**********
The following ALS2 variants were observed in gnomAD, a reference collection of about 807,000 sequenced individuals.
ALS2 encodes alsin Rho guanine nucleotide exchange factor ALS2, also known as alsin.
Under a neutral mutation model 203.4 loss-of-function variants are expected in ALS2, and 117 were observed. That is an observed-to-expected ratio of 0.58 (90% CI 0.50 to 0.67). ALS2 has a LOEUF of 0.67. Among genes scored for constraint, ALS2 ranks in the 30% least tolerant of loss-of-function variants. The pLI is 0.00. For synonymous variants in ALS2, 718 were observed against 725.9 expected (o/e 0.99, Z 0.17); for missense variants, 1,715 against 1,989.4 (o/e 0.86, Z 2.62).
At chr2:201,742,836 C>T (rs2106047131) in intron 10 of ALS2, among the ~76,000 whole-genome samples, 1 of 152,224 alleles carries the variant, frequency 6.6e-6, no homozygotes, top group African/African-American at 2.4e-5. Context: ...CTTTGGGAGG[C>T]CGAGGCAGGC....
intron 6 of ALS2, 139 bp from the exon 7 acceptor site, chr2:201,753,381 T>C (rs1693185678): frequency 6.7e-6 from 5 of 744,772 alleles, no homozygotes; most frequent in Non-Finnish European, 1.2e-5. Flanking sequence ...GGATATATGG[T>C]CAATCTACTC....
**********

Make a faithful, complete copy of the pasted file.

The following ALS2 variants were observed in gnomAD, a reference collection of about 807,000 sequenced individuals.
ALS2 encodes alsin Rho guanine nucleotide exchange factor ALS2, also known as alsin.
Under a neutral mutation model 203.4 loss-of-function variants are expected in ALS2, and 117 were observed. That is an observed-to-expected ratio of 0.58 (90% CI 0.50 to 0.67). ALS2 has a LOEUF of 0.67. Among genes scored for constraint, ALS2 ranks in the 30% least tolerant of loss-of-function variants. The pLI is 0.00. For synonymous variants in ALS2, 718 were observed against 725.9 expected (o/e 0.99, Z 0.17); for missense variants, 1,715 against 1,989.4 (o/e 0.86, Z 2.62).
At chr2:201,742,836 C>T (rs2106047131) in intron 10 of ALS2, among the ~76,000 whole-genome samples, 1 of 152,224 alleles carries the variant, frequency 6.6e-6, no homozygotes, top group African/African-American at 2.4e-5. Context: ...CTTTGGGAGG[C>T]CGAGGCAGGC....
intron 6 of ALS2, 139 bp from the exon 7 acceptor site, chr2:201,753,381 T>C (rs1693185678): frequency 6.7e-6 from 5 of 744,772 alleles, no homozygotes; most frequent in Non-Finnish European, 1.2e-5. Flanking sequence ...GGATATATGG[T>C]CAATCTACTC....